Carbon dioxide emissions for the apartments, as calculated in Deap, are between 30 and 35 kgCO2/m2/yr. Viking House also calculated the performance of the building using the Passive House Planning Package, the software used to design and test to the passive standard. The calculation produced a figure for specific space heating demand of 56 kWh/m2/yr. The windows and exterior walls were found to be the main sources of heat loss from the building.
The stairs and hallways are unheated and thus regarded as a "cold space" when the BER is calculated - this means the apartments are considered to have a higher heating demand than they do
To the house's rear, Viking House built a 15 square metre meeting room with the same wall construction as the main building. The room's main feature is a huge glazed sliding door that runs most of its length. "That was about natural light and making the room feel wider," says Lowe. "By having light at the side of the room and dark at the ends, it creates the illusion of a larger space." The room could also potentially house 20 to 25 people for meetings, so a big door makes sense for practical reasons too. The meeting room includes the same boiler as the main building, but a different HRV unit – a Vent Axia HR300, supplied by Lindab. This HRV unit features a motion sensor, so it only comes on when the room is occupied.
Keeping the meeting building low and leaving a gap behind the main building creates a light well that helps to naturally illuminate the interior of the main building. The meeting room is also topped with a sedum green roof, supplied by Moy Materials and installed by KD Roofing. The roof features a sedum mat of about 60mm over 50mm of specially formulated soil.
The meeting room has a large glazed sliding door, designed to increase natural light and make the room feel wider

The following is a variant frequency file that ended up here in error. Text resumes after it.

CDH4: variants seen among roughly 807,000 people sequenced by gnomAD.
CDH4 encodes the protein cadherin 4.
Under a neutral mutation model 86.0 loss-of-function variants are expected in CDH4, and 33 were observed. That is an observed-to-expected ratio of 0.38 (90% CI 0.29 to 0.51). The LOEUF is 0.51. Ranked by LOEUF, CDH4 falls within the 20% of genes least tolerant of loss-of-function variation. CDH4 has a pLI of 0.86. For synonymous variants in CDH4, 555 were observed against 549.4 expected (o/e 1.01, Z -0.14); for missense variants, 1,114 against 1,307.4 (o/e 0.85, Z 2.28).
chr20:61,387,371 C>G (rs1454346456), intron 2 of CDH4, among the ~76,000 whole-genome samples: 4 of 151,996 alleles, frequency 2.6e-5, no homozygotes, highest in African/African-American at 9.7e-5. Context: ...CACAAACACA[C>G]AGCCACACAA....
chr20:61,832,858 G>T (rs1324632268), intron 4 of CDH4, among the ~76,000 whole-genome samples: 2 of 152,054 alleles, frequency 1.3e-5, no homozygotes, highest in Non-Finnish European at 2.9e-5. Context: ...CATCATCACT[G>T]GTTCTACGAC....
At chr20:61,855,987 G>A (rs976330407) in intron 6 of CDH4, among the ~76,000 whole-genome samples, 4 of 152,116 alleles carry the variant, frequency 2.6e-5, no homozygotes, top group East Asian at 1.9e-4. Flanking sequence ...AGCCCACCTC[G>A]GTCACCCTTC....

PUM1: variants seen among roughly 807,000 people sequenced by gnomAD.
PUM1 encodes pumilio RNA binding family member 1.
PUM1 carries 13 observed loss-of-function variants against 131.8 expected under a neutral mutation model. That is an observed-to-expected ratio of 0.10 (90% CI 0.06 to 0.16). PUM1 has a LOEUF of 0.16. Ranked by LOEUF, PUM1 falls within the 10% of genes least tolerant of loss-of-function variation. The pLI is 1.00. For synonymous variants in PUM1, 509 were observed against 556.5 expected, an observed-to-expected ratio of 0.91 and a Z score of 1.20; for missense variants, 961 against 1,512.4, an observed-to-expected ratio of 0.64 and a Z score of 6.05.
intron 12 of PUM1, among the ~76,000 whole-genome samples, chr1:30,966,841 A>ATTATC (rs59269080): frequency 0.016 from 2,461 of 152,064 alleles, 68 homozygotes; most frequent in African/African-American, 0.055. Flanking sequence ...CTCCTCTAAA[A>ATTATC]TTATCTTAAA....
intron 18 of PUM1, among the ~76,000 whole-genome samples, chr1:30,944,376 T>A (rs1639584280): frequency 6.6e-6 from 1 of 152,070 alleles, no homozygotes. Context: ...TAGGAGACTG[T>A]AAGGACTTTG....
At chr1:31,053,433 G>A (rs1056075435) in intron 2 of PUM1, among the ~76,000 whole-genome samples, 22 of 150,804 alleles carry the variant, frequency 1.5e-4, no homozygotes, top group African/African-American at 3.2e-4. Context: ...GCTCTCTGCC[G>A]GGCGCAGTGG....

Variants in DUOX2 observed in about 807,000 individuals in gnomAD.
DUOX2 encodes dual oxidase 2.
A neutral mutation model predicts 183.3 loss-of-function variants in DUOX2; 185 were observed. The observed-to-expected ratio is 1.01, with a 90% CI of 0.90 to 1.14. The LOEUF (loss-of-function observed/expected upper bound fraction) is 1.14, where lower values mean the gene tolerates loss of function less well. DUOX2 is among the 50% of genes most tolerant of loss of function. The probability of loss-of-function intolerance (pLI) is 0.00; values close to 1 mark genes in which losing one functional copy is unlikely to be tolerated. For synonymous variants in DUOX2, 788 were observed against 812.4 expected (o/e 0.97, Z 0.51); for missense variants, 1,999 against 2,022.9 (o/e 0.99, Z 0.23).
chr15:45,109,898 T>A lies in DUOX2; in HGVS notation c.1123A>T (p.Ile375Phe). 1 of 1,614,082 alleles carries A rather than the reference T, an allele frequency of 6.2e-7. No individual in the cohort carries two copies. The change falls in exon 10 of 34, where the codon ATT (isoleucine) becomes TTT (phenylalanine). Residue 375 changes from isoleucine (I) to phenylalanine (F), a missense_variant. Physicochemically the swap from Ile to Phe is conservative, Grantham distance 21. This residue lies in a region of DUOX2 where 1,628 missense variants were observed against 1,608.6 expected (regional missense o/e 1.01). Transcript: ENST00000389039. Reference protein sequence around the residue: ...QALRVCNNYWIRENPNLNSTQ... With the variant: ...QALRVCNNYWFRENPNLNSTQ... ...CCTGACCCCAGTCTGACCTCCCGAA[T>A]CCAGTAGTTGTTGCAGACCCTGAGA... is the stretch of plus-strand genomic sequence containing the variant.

The motivation for the green roof was primarily aesthetic - it'll be much more pleasant for first floor residents in the main building to look down onto greenery than a dull grey roof.
Green roofs are becoming increasingly popular as architects and builders realise they can satisfy some crucial demands: they can soak up rainwater in cities with stressed sewage systems, extend the lifespan of roof components by protecting them from sunlight and rainfall, and provide thermal and acoustic insulation too.
Sedum mats are an example of an extensive green roof – the shallow variety typically designed with biodiversity and aesthetics in mind. Sedum is a type of herbaceous plant that is tolerant of drought and requires little maintenance – generally two visits a year to remove weeds and apply fertiliser. There are about ten different species of sedum planted in a typical mat, and they usually grow to about six to eight inches in height. Lowe says he's interested in using intensive green roofs in future too – these can be up to 300mm deep and provide a medium for growing food.
The finished Primrose Street building is both compact and comfortable, and manages to achieve impressive energy performance and an authentic period look in a tight urban space. "I'm very satisfied with the way it turned out," says Lowe, who believes the building's efficient use of space is one of its triumphs.
For conservation reasons, sash windows were used to recreate the period look